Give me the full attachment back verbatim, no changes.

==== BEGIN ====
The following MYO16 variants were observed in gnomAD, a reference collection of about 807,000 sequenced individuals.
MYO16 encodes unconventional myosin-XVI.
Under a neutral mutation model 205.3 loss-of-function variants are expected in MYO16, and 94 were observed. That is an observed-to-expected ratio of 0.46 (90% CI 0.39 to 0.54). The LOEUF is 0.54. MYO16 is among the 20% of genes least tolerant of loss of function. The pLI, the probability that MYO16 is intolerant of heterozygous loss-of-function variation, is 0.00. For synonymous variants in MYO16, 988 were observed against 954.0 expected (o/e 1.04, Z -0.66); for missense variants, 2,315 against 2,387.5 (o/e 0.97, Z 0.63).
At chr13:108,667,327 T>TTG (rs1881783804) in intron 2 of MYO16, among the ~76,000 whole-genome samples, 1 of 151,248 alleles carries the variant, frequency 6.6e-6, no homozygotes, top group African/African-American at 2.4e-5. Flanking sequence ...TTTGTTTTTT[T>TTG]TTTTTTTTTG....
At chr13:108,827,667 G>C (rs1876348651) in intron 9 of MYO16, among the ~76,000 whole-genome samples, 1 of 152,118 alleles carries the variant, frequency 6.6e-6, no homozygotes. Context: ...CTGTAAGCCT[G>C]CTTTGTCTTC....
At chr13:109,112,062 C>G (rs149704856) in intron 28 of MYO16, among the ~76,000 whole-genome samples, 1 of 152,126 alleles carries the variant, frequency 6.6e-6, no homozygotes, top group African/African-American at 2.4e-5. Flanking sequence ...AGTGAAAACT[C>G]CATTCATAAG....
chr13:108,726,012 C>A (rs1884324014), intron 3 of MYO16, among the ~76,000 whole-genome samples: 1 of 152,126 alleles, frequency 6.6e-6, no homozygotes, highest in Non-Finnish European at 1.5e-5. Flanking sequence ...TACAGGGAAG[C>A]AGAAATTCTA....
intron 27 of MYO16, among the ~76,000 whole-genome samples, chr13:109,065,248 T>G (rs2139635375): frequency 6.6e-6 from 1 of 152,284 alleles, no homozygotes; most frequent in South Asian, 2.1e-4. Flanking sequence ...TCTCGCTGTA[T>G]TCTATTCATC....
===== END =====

The following MYO16 variants were observed in gnomAD, a reference collection of about 807,000 sequenced individuals.
MYO16 encodes unconventional myosin-XVI.
Under a neutral mutation model 205.3 loss-of-function variants are expected in MYO16, and 94 were observed. That is an observed-to-expected ratio of 0.46 (90% CI 0.39 to 0.54). The LOEUF is 0.54. MYO16 is among the 20% of genes least tolerant of loss of function. The pLI, the probability that MYO16 is intolerant of heterozygous loss-of-function variation, is 0.00. For synonymous variants in MYO16, 988 were observed against 954.0 expected (o/e 1.04, Z -0.66); for missense variants, 2,315 against 2,387.5 (o/e 0.97, Z 0.63).
At chr13:108,667,327 T>TTG (rs1881783804) in intron 2 of MYO16, among the ~76,000 whole-genome samples, 1 of 151,248 alleles carries the variant, frequency 6.6e-6, no homozygotes, top group African/African-American at 2.4e-5. Flanking sequence ...TTTGTTTTTT[T>TTG]TTTTTTTTTG....
At chr13:108,827,667 G>C (rs1876348651) in intron 9 of MYO16, among the ~76,000 whole-genome samples, 1 of 152,118 alleles carries the variant, frequency 6.6e-6, no homozygotes. Context: ...CTGTAAGCCT[G>C]CTTTGTCTTC....
At chr13:109,112,062 C>G (rs149704856) in intron 28 of MYO16, among the ~76,000 whole-genome samples, 1 of 152,126 alleles carries the variant, frequency 6.6e-6, no homozygotes, top group African/African-American at 2.4e-5. Flanking sequence ...AGTGAAAACT[C>G]CATTCATAAG....
chr13:108,726,012 C>A (rs1884324014), intron 3 of MYO16, among the ~76,000 whole-genome samples: 1 of 152,126 alleles, frequency 6.6e-6, no homozygotes, highest in Non-Finnish European at 1.5e-5. Flanking sequence ...TACAGGGAAG[C>A]AGAAATTCTA....
intron 27 of MYO16, among the ~76,000 whole-genome samples, chr13:109,065,248 T>G (rs2139635375): frequency 6.6e-6 from 1 of 152,284 alleles, no homozygotes; most frequent in South Asian, 2.1e-4. Flanking sequence ...TCTCGCTGTA[T>G]TCTATTCATC....